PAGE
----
What can the therapist do when he or she doesn't know what to do? The book Sexual Feelings in Psychotherapy (Pope et al., 1993) suggests a ten-step approach to such daunting situations, which are summarized here. A repeated theme of that book is that therapists lack easy, one-size-fits-all answers to what sexual feelings about patients mean or their implications for the therapy. Different theoretical orientations provide different, sometimes opposing ways of approaching such questions. Each person and situation is unique. Therapists must explore and achieve a working understanding of their own unfolding, evolving feelings and the ways in which these feelings may play a helpful role in deciding what to say or do next. Cookbook approaches can block rather than foster this process.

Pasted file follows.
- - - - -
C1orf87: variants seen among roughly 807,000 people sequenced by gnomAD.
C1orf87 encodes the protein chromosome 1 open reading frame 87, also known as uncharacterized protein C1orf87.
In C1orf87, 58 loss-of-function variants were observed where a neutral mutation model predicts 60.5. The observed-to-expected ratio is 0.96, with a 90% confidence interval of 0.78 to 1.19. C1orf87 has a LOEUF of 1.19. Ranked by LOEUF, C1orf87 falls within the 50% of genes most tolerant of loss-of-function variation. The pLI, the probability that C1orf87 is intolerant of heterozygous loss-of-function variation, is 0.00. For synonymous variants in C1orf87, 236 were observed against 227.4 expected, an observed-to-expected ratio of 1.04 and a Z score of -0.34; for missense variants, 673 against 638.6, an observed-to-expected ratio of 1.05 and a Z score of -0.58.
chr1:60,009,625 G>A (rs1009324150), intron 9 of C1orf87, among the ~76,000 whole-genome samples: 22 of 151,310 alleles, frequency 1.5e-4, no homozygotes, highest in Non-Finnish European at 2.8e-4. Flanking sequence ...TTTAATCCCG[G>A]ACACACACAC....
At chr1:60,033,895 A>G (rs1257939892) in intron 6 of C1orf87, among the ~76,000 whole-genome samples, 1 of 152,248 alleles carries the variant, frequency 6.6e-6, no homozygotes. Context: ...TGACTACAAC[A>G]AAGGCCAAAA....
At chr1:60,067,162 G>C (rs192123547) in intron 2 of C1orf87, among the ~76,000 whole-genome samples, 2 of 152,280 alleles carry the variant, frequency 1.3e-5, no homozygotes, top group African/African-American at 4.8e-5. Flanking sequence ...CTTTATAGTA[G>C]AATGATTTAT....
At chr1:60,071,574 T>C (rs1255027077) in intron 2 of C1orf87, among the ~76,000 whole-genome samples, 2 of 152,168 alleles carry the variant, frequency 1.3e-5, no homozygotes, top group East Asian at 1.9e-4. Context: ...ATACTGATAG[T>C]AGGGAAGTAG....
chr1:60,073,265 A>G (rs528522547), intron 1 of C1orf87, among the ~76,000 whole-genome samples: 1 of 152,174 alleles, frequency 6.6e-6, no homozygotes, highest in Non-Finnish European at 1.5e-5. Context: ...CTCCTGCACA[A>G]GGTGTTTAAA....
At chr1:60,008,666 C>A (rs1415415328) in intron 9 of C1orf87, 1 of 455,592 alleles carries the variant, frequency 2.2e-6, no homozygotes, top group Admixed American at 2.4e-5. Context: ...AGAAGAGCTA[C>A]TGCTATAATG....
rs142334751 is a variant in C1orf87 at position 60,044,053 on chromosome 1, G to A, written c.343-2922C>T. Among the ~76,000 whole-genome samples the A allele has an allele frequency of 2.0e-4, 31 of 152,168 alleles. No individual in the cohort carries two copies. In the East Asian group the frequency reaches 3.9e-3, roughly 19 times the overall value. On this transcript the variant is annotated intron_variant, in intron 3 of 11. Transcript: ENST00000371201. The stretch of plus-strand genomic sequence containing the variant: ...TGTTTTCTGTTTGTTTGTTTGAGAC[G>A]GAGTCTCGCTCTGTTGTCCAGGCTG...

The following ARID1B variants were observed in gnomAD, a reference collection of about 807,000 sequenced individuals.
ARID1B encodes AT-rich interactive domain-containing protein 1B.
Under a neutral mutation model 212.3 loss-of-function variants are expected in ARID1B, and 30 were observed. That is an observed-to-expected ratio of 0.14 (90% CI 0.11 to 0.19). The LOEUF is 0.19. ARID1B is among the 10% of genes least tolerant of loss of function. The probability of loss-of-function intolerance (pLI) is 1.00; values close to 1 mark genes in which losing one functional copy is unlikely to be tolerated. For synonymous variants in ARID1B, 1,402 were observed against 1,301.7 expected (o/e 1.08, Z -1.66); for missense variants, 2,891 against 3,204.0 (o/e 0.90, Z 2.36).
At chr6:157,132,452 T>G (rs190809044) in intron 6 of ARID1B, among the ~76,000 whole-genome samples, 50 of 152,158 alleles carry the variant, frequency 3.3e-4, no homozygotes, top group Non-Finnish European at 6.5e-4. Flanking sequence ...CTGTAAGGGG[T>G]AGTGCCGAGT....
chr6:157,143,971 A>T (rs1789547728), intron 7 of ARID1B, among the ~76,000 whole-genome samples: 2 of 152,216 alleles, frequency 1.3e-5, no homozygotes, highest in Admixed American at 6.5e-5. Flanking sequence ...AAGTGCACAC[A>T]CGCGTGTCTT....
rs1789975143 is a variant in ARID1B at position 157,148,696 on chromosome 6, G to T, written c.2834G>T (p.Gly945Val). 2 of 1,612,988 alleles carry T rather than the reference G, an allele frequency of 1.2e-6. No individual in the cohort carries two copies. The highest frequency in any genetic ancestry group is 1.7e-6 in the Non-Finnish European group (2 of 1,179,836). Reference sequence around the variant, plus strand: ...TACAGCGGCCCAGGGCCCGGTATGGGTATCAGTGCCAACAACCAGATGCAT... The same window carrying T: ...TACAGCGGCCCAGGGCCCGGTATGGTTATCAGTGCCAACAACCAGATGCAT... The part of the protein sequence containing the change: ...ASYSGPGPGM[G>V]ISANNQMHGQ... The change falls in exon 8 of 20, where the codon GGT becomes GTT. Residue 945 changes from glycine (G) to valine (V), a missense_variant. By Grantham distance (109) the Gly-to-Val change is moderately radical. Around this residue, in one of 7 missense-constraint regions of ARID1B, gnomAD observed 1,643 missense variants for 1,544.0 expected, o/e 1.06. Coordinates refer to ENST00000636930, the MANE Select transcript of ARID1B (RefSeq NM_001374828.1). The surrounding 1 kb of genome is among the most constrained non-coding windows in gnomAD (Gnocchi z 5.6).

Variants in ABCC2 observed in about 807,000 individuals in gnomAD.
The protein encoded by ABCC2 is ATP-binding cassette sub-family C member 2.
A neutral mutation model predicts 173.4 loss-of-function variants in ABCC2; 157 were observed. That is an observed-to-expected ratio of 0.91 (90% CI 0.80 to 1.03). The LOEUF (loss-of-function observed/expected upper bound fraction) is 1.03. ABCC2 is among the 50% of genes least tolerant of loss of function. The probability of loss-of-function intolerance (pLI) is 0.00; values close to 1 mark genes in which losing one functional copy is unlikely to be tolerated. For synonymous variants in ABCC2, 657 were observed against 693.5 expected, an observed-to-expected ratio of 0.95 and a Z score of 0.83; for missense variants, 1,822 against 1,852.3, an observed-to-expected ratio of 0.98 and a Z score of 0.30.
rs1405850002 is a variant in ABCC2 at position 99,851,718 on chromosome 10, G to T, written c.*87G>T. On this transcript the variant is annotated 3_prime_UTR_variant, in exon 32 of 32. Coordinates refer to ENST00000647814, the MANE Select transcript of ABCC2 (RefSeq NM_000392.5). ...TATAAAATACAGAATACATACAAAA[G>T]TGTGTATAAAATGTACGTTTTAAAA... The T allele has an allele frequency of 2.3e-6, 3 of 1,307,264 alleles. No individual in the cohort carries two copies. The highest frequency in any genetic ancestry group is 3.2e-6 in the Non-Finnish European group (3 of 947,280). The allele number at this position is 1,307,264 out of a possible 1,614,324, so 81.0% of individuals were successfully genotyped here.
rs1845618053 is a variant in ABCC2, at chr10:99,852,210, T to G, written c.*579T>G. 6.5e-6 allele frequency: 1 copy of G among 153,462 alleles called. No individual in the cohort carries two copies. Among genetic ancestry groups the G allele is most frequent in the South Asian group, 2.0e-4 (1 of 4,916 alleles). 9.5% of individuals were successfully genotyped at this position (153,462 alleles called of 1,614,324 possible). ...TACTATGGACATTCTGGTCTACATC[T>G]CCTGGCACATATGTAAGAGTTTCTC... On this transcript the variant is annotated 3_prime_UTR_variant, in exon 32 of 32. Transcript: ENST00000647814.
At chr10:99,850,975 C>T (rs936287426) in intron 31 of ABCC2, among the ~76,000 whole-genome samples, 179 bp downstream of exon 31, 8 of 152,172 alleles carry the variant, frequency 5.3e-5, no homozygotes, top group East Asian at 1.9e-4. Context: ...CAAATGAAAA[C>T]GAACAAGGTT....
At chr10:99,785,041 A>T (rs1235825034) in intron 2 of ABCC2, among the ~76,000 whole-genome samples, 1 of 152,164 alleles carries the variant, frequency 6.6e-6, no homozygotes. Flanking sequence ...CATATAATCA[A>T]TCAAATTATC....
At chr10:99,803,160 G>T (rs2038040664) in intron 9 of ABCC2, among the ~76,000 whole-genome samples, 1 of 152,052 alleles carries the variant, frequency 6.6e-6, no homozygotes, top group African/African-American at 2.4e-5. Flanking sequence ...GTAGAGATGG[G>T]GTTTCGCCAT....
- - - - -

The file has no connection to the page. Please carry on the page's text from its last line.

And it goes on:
The approach outlined here places fundamental trust in the individual therapist, adequately trained and consulting with others, to draw his or her own conclusions. Almost without exception, therapists learn at the outset the fundamental resources for helping themselves explore problematic situations. Depending on the situation, they may introspect, study the available research and clinical literature, consult, seek supervision, or begin or resume personal therapy. But sometimes, even after the most sustained exploration, the course is not clear. The therapist's best understanding of the situation suggests a course of action that seems productive yet questionable and perhaps potentially harmful. To refrain from a contemplated action may cut the therapist off from legitimately helpful spontaneity, creativity, intuition, and ability to respond effectively to the patient's needs. But engaging in the contemplated action may lead to disaster. When reaching such an impasse, therapists may find it useful to consider the potential intervention in the light of the following ten considerations.
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